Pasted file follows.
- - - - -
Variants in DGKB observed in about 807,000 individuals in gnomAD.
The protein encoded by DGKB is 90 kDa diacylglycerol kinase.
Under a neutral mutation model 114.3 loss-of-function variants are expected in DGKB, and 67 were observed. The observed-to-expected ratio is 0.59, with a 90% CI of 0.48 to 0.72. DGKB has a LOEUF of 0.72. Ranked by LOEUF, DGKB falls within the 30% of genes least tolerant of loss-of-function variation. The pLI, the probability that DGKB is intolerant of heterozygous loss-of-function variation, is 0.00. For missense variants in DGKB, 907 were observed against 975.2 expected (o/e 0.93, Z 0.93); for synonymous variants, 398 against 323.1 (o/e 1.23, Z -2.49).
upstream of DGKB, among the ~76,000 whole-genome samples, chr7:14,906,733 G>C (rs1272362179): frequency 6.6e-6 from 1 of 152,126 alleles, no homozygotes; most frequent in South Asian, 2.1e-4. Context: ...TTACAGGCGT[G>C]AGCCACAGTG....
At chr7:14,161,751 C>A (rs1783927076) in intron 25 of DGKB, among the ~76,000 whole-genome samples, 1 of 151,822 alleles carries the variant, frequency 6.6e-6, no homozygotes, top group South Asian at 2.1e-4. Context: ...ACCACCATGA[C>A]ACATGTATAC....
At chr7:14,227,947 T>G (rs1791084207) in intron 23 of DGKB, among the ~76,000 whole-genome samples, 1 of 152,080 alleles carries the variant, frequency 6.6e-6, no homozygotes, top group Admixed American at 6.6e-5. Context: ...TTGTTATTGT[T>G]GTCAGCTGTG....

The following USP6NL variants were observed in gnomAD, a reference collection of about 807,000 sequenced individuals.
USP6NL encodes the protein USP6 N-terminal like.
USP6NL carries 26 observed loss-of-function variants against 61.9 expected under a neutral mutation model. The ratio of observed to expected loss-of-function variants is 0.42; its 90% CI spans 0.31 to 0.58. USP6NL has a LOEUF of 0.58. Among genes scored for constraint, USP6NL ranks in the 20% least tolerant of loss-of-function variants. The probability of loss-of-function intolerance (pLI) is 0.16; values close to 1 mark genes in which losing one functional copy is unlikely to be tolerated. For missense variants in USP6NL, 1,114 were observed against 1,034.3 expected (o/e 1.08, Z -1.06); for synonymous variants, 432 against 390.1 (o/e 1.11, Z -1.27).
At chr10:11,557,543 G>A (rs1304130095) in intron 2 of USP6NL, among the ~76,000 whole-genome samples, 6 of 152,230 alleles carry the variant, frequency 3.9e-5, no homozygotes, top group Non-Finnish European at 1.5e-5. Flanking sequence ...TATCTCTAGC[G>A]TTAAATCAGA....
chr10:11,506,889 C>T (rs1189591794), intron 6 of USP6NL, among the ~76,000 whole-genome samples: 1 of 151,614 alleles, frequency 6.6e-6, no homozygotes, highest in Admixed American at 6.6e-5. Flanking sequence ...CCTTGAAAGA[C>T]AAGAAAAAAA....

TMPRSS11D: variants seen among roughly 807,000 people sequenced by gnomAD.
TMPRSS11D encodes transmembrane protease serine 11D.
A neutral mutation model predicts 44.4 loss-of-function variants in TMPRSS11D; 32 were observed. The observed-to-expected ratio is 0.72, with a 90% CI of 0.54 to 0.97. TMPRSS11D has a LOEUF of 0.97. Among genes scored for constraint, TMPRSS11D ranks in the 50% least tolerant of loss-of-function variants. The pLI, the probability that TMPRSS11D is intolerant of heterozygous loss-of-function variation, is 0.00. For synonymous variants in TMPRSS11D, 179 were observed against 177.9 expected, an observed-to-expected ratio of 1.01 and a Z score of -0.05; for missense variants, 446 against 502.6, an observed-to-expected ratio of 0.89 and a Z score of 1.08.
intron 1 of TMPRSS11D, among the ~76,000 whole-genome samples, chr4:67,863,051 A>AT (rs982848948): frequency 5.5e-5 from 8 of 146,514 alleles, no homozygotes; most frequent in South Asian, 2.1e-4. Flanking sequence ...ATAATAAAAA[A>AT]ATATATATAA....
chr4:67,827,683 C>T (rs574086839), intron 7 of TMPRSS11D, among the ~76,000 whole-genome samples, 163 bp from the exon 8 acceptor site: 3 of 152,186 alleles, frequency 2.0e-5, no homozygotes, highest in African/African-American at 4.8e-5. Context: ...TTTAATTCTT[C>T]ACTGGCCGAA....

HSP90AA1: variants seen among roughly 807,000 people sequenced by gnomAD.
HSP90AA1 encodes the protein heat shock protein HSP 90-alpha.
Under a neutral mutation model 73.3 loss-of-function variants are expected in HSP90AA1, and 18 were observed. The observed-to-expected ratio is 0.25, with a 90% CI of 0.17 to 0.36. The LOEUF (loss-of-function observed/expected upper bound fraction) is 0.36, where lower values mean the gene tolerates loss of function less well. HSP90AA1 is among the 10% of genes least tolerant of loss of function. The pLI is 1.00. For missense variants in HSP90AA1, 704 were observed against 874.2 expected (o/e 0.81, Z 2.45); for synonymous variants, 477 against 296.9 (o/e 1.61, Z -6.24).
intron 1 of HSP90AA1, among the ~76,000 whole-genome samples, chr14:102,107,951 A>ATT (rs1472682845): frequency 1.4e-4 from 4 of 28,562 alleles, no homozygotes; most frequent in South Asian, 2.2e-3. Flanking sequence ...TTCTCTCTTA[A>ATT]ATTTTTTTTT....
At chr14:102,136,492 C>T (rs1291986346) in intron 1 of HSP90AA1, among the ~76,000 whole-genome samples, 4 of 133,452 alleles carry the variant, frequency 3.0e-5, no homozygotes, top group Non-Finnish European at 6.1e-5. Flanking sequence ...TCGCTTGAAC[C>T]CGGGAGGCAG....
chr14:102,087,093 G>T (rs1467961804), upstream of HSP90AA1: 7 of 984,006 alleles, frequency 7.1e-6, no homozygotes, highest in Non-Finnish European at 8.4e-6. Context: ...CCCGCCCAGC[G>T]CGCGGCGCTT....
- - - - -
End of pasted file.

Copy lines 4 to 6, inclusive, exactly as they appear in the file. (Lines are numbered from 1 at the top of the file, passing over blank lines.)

upstream of DGKB, among the ~76,000 whole-genome samples, chr7:14,906,733 G>C (rs1272362179): frequency 6.6e-6 from 1 of 152,126 alleles, no homozygotes; most frequent in South Asian, 2.1e-4. Context: ...TTACAGGCGT[G>C]AGCCACAGTG....
At chr7:14,161,751 C>A (rs1783927076) in intron 25 of DGKB, among the ~76,000 whole-genome samples, 1 of 151,822 alleles carries the variant, frequency 6.6e-6, no homozygotes, top group South Asian at 2.1e-4. Context: ...ACCACCATGA[C>A]ACATGTATAC....
At chr7:14,227,947 T>G (rs1791084207) in intron 23 of DGKB, among the ~76,000 whole-genome samples, 1 of 152,080 alleles carries the variant, frequency 6.6e-6, no homozygotes, top group Admixed American at 6.6e-5. Context: ...TTGTTATTGT[T>G]GTCAGCTGTG....